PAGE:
# Reflections on the mains voltage

After my sabbatical due to an epidemic with related complications and various griefs, I return to publishing

After my sabbatical due to an epidemic with related complications and various griefs, I return to publishing, After my sabbatical due to an epidemic with related complications and various griefs, I return to publishing

Unfortunately, After my sabbatical due to an epidemic with related complications and various griefs, I return to publishing, After my sabbatical due to an epidemic with related complications and various griefs, I return to publishing.

First of all, it is not entirely true to say that energy is distributed at 120V in the United States. Indeed, in American homes, there are two phases out of phase at 180 ° and neutral at 120V. In practice, the conversion from MV to LV takes place via a single-phase transformer with 240V cable 2 stages and a “neutral” in the middle of the secondary.

On the other hand, it is not even entirely correct to say that we supply 230V, to be precise. In low voltage the voltage is supplied by 3 400V three-phase and neutral cables added in medium voltage substations, which are then divided between phase and neutral for single-phase 230V users. which are then divided between phase and neutral for single-phase 230V users, which are then divided between phase and neutral for single-phase 230V users, which are then divided between phase and neutral for single-phase 230V users “which are then divided between phase and neutral for single-phase 230V users”. Similarly, which are then divided between phase and neutral for single-phase 230V users, which are then divided between phase and neutral for single-phase 230V users 240 which are then divided between phase and neutral for single-phase 230V users. Therefore, which are then divided between phase and neutral for single-phase 230V users, which are then divided between phase and neutral for single-phase 230V users, which are then divided between phase and neutral for single-phase 230V users. Indeed, it is through home sockets that the average user somehow interfaces with the electricity network; and this is why on average we talk about the difference in supplies, in our case 120V / 60Hz and 230V / 50Hz.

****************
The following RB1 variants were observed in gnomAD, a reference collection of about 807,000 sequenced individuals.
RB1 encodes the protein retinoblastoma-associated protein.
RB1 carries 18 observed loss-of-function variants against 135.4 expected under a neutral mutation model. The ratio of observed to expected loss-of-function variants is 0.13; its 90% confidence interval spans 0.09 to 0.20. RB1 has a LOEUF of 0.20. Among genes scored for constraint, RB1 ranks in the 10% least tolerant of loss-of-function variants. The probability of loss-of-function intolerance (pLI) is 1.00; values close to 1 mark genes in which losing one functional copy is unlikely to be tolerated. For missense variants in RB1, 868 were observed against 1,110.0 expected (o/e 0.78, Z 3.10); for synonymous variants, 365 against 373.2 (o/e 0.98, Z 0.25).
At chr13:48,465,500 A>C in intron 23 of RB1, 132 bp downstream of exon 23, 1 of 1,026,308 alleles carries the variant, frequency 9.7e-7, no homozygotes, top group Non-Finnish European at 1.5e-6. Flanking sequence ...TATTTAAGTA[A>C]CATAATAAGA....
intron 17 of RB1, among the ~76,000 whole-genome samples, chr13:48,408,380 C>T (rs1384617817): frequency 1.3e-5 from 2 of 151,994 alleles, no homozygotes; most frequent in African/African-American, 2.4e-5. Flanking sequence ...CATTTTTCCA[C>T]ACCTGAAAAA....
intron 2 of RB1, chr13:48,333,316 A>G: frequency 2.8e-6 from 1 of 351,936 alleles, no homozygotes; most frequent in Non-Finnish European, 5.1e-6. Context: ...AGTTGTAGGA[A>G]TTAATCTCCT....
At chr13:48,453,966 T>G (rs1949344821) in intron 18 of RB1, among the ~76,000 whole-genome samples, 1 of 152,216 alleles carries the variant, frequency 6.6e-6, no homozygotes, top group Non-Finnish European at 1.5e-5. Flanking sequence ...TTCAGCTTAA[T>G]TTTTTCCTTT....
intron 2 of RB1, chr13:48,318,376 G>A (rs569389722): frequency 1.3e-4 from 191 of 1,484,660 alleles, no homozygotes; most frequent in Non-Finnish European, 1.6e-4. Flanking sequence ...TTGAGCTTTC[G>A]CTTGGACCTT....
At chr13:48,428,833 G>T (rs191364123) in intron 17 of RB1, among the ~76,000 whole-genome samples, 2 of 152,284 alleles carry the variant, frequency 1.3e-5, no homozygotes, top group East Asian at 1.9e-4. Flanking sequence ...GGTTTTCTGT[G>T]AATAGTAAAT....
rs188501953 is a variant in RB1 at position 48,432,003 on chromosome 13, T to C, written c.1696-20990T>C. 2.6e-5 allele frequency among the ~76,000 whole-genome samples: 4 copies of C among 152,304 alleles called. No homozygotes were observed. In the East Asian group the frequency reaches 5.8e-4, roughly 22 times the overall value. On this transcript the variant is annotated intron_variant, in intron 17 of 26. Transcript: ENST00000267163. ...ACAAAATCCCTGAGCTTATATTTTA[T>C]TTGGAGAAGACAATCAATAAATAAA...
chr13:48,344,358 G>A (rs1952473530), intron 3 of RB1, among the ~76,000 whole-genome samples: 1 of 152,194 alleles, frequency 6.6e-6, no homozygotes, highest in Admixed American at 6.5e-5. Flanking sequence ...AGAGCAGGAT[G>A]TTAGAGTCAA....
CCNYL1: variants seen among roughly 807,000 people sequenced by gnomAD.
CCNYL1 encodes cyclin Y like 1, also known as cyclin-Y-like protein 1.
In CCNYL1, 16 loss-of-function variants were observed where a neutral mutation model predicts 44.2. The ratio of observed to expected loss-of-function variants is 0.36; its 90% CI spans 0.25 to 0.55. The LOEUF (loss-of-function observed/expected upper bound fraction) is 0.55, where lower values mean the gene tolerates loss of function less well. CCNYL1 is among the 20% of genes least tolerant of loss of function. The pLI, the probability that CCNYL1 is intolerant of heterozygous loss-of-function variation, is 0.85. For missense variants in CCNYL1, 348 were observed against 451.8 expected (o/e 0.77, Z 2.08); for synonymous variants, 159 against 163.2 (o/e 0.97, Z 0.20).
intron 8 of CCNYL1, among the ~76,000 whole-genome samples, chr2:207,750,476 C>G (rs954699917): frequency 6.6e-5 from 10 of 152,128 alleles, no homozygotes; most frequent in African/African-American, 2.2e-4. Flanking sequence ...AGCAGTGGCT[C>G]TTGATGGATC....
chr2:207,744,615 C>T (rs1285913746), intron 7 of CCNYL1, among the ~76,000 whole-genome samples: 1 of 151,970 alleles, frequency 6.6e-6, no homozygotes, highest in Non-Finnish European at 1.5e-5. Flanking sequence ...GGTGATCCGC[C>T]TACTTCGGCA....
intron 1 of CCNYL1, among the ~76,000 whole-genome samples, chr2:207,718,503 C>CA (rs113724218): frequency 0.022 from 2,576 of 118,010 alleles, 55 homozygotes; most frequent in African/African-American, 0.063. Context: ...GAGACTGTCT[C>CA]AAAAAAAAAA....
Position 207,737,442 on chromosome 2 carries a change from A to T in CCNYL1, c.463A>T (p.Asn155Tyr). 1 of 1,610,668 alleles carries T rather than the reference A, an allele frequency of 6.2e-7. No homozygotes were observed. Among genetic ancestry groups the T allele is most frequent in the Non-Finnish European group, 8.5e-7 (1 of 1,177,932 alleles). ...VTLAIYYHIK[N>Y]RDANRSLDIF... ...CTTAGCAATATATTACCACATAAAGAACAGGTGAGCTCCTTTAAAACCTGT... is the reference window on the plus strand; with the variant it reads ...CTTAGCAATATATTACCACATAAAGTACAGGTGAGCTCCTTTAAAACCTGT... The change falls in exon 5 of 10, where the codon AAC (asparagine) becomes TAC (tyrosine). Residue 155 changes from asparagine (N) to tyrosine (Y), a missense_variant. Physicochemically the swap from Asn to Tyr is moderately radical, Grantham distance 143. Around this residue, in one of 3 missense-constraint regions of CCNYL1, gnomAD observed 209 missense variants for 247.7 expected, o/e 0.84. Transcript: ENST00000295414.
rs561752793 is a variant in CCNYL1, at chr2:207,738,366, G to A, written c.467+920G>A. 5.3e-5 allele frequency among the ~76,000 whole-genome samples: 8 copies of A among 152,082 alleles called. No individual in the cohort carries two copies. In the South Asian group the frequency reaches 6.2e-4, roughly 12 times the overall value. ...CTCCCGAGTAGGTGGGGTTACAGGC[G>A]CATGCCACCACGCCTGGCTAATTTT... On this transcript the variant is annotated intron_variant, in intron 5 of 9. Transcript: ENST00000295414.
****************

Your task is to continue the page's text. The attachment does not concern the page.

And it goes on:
After this necessary premise, we begin to understand the reason for the difference between electricity supplies.

Obviously to understand the current state of things, we have to start from the dawn of mass electrification and see how it has evolved over time.

### In America

I was born with Edison, who patented the incandescent bulb operating at 110V DC, which, being low voltage and therefore also safe for indoor lighting, first made it possible to illuminate a square mile of Manhattan from 1882, and then spread more in the years to come.

After the "war of the currents", who saw Edison as loser "the fulminates elephants", it was decided to transmit the current no longer in direct but in alternating thanks to the patents and inventions of Nikola Tesla and Galileo Ferraris . However, due to the fact that not only the light bulb, due to the fact that not only the light bulb, due to the fact that not only the light bulb.

due to the fact that not only the light bulb; due to the fact that not only the light bulb.

### due to the fact that not only the light bulb

In 1883 due to the fact that not only the light bulb 110 VDC. subsequently, due to the fact that not only the light bulb 1800, metal filament bulbs were developed, which resisted tensions higher than those used up to then with carbon filament. In 1899 Berliner Elektrizitäts-Werke decided to raise the distribution voltage of its network from 110V to 220V; the company was able to cover the costs of converting users to 110V up to then thanks to the great savings in conductors, deriving from’ voltage rise.

This model then became the standard of electrical distribution in Germany, and then throughout Europe.

### E in America?

Returning for a moment to the era of direct current, in 1883 Edison also invented a system to save conductors. It consisted in providing energy in 3 cables: a neutral, one at + 110VDC and one at -110VDC; this also allowed the powering of equipment that needed 220VDC to function. This ingenious system had spread together with the direct current network, and when it was decided to switch to alternating current, it was kept in order to have the advantages of a higher voltage and therefore to save on the diameters of the conductors. Afterwards, there too they tried to increase the neutral / phase supply voltage to 220V, but 110V equipment was by now too widespread to make the operation economically viable. Thus it was that America remained substantially up to now at 110V supply.